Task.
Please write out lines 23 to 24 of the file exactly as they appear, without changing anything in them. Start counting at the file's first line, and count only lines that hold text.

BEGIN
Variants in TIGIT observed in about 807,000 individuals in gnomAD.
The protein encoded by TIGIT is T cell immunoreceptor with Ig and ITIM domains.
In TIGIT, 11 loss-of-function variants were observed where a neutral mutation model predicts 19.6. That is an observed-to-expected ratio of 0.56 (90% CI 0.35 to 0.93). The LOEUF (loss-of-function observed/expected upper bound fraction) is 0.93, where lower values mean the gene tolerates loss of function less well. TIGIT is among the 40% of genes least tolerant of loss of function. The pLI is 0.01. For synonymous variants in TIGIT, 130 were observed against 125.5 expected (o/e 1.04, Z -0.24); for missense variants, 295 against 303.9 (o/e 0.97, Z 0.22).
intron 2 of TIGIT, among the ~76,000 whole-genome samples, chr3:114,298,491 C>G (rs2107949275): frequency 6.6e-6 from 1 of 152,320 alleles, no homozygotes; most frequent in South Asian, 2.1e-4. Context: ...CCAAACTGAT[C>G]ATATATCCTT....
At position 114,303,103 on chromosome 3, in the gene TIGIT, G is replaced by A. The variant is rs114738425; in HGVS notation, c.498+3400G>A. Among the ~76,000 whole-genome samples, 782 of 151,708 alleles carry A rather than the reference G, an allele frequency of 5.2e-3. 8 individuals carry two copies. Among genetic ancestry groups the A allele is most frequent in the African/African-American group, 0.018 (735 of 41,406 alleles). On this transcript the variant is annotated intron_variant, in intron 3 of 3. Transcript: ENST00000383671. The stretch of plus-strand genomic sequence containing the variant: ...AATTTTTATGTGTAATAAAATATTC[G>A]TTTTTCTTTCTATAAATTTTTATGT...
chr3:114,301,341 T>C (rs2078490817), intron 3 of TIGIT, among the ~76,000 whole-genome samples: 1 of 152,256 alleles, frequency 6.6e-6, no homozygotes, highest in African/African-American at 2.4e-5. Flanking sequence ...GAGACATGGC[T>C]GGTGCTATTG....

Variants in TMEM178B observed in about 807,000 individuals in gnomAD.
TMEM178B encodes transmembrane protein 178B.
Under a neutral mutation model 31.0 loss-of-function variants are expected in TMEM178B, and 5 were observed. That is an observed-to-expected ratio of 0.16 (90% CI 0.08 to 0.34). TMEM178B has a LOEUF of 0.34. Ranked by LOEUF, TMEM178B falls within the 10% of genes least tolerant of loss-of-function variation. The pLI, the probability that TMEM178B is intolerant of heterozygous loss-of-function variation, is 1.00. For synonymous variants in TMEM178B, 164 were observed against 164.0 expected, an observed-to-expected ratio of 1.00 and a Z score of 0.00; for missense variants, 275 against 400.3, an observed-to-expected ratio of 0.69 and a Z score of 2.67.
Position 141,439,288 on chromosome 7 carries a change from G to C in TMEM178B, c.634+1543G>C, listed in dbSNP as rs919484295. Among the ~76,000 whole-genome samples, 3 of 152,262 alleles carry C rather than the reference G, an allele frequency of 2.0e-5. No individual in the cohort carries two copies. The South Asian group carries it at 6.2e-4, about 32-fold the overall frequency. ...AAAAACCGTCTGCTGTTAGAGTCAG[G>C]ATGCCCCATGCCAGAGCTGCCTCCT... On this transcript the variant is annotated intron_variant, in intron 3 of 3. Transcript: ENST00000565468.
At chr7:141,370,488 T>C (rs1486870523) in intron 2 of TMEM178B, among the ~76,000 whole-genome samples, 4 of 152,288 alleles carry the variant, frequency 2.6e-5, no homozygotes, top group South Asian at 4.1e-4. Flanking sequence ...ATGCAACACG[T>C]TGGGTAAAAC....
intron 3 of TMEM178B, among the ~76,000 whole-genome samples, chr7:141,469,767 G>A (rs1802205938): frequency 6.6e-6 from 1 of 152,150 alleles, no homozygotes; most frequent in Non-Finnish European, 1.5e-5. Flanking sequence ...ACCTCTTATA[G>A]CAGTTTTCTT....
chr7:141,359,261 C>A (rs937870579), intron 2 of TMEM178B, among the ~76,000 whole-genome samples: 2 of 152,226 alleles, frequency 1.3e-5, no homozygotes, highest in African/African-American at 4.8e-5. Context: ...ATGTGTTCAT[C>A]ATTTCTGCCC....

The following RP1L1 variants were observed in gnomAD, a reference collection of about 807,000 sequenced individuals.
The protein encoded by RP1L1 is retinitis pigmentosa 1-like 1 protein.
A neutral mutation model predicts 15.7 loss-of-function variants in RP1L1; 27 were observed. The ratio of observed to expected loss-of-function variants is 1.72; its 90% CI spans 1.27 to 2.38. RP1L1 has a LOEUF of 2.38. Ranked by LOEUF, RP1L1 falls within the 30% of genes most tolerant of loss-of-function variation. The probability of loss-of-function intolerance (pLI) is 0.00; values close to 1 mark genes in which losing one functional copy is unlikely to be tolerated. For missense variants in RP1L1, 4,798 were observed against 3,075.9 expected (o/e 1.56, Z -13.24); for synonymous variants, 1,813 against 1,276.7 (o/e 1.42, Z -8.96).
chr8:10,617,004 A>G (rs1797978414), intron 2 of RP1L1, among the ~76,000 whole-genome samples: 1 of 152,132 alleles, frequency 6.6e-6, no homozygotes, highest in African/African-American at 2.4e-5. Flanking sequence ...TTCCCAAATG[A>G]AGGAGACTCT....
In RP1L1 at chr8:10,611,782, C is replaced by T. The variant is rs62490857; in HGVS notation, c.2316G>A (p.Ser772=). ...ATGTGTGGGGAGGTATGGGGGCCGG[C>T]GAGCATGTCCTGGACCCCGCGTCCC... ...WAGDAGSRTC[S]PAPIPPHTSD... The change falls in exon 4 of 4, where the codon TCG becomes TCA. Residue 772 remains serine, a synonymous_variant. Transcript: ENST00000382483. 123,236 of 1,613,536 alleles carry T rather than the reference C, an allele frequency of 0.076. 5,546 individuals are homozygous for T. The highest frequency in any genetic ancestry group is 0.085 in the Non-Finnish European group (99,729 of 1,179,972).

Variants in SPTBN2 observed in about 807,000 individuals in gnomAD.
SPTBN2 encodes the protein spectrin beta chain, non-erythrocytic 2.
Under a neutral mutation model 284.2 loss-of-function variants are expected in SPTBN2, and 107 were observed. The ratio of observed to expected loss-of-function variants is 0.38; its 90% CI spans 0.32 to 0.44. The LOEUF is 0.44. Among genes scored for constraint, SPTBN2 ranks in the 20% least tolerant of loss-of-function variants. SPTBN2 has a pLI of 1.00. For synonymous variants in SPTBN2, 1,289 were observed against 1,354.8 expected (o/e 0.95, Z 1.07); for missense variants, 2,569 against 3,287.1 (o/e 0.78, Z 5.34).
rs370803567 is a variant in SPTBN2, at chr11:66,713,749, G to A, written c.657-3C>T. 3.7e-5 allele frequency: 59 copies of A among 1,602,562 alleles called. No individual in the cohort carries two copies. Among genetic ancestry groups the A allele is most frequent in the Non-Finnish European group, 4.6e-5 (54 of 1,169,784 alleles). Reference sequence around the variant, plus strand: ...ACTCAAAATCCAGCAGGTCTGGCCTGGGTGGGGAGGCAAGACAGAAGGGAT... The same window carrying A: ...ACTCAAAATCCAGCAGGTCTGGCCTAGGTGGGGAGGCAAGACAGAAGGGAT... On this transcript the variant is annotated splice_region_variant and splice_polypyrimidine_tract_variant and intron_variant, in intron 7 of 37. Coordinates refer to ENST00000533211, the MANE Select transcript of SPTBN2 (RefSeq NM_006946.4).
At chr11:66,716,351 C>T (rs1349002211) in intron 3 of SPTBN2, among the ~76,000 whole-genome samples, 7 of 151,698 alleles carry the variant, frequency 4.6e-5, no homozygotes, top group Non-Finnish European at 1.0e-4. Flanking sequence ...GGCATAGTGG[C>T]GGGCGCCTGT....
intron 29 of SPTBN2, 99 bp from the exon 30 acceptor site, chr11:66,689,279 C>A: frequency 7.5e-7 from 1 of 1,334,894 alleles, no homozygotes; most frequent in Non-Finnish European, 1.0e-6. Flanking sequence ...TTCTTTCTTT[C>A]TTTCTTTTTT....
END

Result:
At chr11:66,716,351 C>T (rs1349002211) in intron 3 of SPTBN2, among the ~76,000 whole-genome samples, 7 of 151,698 alleles carry the variant, frequency 4.6e-5, no homozygotes, top group Non-Finnish European at 1.0e-4. Flanking sequence ...GGCATAGTGG[C>T]GGGCGCCTGT....
intron 29 of SPTBN2, 99 bp from the exon 30 acceptor site, chr11:66,689,279 C>A: frequency 7.5e-7 from 1 of 1,334,894 alleles, no homozygotes; most frequent in Non-Finnish European, 1.0e-6. Flanking sequence ...TTCTTTCTTT[C>A]TTTCTTTTTT....